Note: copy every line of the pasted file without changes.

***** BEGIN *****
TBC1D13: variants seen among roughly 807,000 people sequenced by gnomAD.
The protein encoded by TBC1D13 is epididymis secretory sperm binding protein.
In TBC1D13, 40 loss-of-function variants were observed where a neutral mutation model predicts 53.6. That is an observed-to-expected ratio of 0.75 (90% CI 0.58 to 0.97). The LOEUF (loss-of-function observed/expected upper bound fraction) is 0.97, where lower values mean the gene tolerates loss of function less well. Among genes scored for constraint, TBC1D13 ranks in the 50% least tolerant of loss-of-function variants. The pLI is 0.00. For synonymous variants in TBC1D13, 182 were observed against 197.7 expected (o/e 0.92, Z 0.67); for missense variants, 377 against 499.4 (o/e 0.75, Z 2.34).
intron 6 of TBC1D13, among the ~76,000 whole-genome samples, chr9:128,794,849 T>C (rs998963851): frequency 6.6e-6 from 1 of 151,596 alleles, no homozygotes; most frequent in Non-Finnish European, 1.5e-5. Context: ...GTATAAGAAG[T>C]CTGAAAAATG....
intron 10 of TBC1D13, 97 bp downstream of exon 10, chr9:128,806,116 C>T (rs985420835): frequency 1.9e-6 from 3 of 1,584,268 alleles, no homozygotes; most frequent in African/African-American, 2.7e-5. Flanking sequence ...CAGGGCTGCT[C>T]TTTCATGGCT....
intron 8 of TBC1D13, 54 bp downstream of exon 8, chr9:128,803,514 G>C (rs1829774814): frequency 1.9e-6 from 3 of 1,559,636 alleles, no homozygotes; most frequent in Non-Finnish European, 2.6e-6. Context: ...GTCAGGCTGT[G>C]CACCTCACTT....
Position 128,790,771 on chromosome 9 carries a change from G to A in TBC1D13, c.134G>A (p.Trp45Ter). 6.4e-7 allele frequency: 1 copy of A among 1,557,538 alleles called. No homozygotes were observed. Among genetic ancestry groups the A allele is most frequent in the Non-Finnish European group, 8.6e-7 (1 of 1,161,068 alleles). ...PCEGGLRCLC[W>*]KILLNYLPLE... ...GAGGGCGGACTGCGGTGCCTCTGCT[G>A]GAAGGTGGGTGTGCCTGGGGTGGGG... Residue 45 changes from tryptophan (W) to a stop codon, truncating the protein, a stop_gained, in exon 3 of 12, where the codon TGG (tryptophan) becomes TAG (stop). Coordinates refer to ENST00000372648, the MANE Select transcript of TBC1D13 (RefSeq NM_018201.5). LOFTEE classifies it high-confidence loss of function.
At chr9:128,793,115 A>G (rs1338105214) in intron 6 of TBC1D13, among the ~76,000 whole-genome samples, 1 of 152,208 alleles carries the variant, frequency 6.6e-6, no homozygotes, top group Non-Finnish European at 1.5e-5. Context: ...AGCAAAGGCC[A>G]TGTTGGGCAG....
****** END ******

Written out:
TBC1D13: variants seen among roughly 807,000 people sequenced by gnomAD.
The protein encoded by TBC1D13 is epididymis secretory sperm binding protein.
In TBC1D13, 40 loss-of-function variants were observed where a neutral mutation model predicts 53.6. That is an observed-to-expected ratio of 0.75 (90% CI 0.58 to 0.97). The LOEUF (loss-of-function observed/expected upper bound fraction) is 0.97, where lower values mean the gene tolerates loss of function less well. Among genes scored for constraint, TBC1D13 ranks in the 50% least tolerant of loss-of-function variants. The pLI is 0.00. For synonymous variants in TBC1D13, 182 were observed against 197.7 expected (o/e 0.92, Z 0.67); for missense variants, 377 against 499.4 (o/e 0.75, Z 2.34).
intron 6 of TBC1D13, among the ~76,000 whole-genome samples, chr9:128,794,849 T>C (rs998963851): frequency 6.6e-6 from 1 of 151,596 alleles, no homozygotes; most frequent in Non-Finnish European, 1.5e-5. Context: ...GTATAAGAAG[T>C]CTGAAAAATG....
intron 10 of TBC1D13, 97 bp downstream of exon 10, chr9:128,806,116 C>T (rs985420835): frequency 1.9e-6 from 3 of 1,584,268 alleles, no homozygotes; most frequent in African/African-American, 2.7e-5. Flanking sequence ...CAGGGCTGCT[C>T]TTTCATGGCT....
intron 8 of TBC1D13, 54 bp downstream of exon 8, chr9:128,803,514 G>C (rs1829774814): frequency 1.9e-6 from 3 of 1,559,636 alleles, no homozygotes; most frequent in Non-Finnish European, 2.6e-6. Context: ...GTCAGGCTGT[G>C]CACCTCACTT....
Position 128,790,771 on chromosome 9 carries a change from G to A in TBC1D13, c.134G>A (p.Trp45Ter). 6.4e-7 allele frequency: 1 copy of A among 1,557,538 alleles called. No homozygotes were observed. Among genetic ancestry groups the A allele is most frequent in the Non-Finnish European group, 8.6e-7 (1 of 1,161,068 alleles). ...PCEGGLRCLC[W>*]KILLNYLPLE... ...GAGGGCGGACTGCGGTGCCTCTGCT[G>A]GAAGGTGGGTGTGCCTGGGGTGGGG... Residue 45 changes from tryptophan (W) to a stop codon, truncating the protein, a stop_gained, in exon 3 of 12, where the codon TGG (tryptophan) becomes TAG (stop). Coordinates refer to ENST00000372648, the MANE Select transcript of TBC1D13 (RefSeq NM_018201.5). LOFTEE classifies it high-confidence loss of function.
At chr9:128,793,115 A>G (rs1338105214) in intron 6 of TBC1D13, among the ~76,000 whole-genome samples, 1 of 152,208 alleles carries the variant, frequency 6.6e-6, no homozygotes, top group Non-Finnish European at 1.5e-5. Context: ...AGCAAAGGCC[A>G]TGTTGGGCAG....